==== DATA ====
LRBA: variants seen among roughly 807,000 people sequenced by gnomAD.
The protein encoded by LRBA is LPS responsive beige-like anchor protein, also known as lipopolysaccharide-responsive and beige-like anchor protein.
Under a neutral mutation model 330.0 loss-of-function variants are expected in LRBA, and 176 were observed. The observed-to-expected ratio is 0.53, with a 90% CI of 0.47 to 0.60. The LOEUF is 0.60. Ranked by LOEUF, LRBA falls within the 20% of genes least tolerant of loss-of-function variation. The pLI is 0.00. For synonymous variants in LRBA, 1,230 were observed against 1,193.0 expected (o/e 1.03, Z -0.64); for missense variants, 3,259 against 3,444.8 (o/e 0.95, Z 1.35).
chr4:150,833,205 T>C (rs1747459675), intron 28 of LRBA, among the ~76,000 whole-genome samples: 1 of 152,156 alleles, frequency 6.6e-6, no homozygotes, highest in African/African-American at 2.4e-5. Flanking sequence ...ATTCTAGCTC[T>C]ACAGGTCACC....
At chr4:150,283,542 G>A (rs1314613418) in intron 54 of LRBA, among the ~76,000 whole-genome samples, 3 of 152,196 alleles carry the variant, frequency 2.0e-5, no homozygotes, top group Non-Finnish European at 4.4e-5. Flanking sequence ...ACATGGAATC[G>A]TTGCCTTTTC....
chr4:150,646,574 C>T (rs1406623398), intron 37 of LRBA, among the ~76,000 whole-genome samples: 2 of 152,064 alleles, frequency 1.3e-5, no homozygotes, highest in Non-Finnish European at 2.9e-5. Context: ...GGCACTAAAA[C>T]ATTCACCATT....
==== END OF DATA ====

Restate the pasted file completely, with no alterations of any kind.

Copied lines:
LRBA: variants seen among roughly 807,000 people sequenced by gnomAD.
The protein encoded by LRBA is LPS responsive beige-like anchor protein, also known as lipopolysaccharide-responsive and beige-like anchor protein.
Under a neutral mutation model 330.0 loss-of-function variants are expected in LRBA, and 176 were observed. The observed-to-expected ratio is 0.53, with a 90% CI of 0.47 to 0.60. The LOEUF is 0.60. Ranked by LOEUF, LRBA falls within the 20% of genes least tolerant of loss-of-function variation. The pLI is 0.00. For synonymous variants in LRBA, 1,230 were observed against 1,193.0 expected (o/e 1.03, Z -0.64); for missense variants, 3,259 against 3,444.8 (o/e 0.95, Z 1.35).
chr4:150,833,205 T>C (rs1747459675), intron 28 of LRBA, among the ~76,000 whole-genome samples: 1 of 152,156 alleles, frequency 6.6e-6, no homozygotes, highest in African/African-American at 2.4e-5. Flanking sequence ...ATTCTAGCTC[T>C]ACAGGTCACC....
At chr4:150,283,542 G>A (rs1314613418) in intron 54 of LRBA, among the ~76,000 whole-genome samples, 3 of 152,196 alleles carry the variant, frequency 2.0e-5, no homozygotes, top group Non-Finnish European at 4.4e-5. Flanking sequence ...ACATGGAATC[G>A]TTGCCTTTTC....
chr4:150,646,574 C>T (rs1406623398), intron 37 of LRBA, among the ~76,000 whole-genome samples: 2 of 152,064 alleles, frequency 1.3e-5, no homozygotes, highest in Non-Finnish European at 2.9e-5. Context: ...GGCACTAAAA[C>T]ATTCACCATT....